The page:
Vietnam

During the 1950s, Political Instability Continued to Plague French Indo-China Where Dalat School Was Based

Even as school was in session, war raged on as the Viet Minh, the communist army led by Hồ Chí Minh, fought against French occupation of the colony. This conflict ensued for eight years, until independence for Vietnam was declared in 1954 and French Indo-China came to an end.

That year, the country was divided at the 17th parallel — with Hồ Chí Minh establishing the communist Democratic Republic of Vietnam in the north and a non-communist south (where Dalat School was located). Tensions between the north and south began immediately, erupting into civil war.

Dalat School, however, kept growing as new missionaries were appointed and students from other countries in Southeast Asia arrived at Dalat to study.

Dalat School kept growing as new missionaries were appointed and students from other countries in Southeast Asia arrived at Dalat to study. John “Tommy” Tompkins, Dalat English teacher and alumnus from 1968, recalls an enjoyable experience as an elementary student at Dalat in the 1950s: “Playing Capture the Flag and Prisoners’ Base on the lower tennis court and making and sleeping in forts with pine needle walls on weekends made the days fly by. Aunt Betty and Uncle Archie created a home for us all. Bedtime stories and devotions, prayers for Mom and Dad back in Korat, and the Saturday night bath, and an occasional paddling for some misdemeanour,  gave us a secure upbringing.”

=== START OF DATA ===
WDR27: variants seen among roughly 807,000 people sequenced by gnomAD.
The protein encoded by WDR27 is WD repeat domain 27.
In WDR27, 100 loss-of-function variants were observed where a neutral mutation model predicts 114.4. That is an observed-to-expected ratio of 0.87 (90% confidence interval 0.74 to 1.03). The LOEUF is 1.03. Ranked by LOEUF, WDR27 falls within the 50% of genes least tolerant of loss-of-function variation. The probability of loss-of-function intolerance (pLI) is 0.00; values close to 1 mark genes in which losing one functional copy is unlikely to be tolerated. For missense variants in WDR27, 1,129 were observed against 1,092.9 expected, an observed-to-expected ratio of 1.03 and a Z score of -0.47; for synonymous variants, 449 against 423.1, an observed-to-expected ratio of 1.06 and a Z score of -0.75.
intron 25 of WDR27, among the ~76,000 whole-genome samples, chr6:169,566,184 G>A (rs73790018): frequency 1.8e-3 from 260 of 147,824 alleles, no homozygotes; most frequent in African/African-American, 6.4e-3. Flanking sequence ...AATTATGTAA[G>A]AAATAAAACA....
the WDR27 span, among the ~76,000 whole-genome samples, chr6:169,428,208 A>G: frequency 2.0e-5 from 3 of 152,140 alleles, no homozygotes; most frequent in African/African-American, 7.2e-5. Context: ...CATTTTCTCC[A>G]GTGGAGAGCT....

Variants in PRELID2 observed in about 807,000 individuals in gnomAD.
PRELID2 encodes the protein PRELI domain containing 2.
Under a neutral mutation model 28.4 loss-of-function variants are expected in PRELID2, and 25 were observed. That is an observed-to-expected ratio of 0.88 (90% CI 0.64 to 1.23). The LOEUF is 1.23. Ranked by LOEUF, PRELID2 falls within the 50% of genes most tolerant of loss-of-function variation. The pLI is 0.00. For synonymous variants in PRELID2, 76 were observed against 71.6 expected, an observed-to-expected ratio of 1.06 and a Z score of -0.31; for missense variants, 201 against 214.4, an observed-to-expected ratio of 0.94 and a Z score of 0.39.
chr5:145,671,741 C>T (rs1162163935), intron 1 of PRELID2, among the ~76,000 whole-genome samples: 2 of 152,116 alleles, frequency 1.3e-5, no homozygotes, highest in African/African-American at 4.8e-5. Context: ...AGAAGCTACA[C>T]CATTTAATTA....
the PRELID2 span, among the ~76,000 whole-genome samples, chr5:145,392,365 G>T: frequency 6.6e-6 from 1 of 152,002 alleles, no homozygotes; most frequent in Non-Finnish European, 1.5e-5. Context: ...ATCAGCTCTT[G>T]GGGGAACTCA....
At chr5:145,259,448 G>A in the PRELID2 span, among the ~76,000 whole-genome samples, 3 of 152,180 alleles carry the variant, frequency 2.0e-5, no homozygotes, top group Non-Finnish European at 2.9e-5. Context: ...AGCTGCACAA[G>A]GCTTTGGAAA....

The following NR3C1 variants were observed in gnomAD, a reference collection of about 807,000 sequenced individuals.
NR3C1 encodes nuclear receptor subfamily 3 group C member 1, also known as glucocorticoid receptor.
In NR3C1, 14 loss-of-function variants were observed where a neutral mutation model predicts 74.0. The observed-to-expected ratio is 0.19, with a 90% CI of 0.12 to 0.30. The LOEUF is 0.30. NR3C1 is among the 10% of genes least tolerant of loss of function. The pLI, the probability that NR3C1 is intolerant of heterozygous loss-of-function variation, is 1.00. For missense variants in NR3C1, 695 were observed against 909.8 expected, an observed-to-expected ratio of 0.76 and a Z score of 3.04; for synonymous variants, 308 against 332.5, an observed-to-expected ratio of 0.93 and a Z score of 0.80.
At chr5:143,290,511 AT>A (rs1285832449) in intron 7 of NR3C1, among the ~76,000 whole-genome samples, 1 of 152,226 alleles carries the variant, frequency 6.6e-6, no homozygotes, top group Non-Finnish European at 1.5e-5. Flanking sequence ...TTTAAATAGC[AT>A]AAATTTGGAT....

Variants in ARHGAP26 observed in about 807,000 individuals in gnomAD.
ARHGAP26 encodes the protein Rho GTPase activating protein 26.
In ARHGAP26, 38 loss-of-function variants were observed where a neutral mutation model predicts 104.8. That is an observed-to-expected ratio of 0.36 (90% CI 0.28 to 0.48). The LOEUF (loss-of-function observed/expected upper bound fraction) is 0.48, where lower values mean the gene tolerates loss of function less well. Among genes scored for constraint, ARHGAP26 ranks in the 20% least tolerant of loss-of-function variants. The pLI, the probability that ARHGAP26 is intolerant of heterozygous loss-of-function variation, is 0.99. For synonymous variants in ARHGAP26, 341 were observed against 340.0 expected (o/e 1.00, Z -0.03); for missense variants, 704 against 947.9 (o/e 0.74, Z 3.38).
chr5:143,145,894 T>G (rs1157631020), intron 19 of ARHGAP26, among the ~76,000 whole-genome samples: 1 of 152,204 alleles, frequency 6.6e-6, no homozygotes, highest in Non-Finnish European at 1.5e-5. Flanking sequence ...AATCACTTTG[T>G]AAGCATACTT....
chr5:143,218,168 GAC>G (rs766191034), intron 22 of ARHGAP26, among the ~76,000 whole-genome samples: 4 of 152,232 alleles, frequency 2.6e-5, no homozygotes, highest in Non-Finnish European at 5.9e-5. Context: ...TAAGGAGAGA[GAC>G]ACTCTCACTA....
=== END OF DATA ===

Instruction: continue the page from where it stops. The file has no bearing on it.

Dalat School 1950s
Dalat Students 1950s

Peace in the Storm: Alumnus Ron Whipple (1955)

Transplanted into the heart of French Indochina shortly after birth, Ron Whipple recalls an oasis of peace. His earliest memories are joyful ones: beautiful surroundings, a love of the culture, people, and food.

The reality of raging war near his home was less vivid, and Whipple was never anxious about it. In fact, peace became a fixture in Whipple’s life — even when he crossed oceans, separated from his family, and transitioned into adulthood without his parents.

“I have always felt it a privilege to have been a missionary kid,” Whipple says. “This was by God’s sovereign grace. There were so many advantages and learning experiences.”

One of those advantages was Whipple’s understanding of and connection to others like him — third-culture children who were growing up outside of their passport culture and facing the unique challenges that come with that upbringing. And it would lead him into a lifelong ministry of serving this special group of people.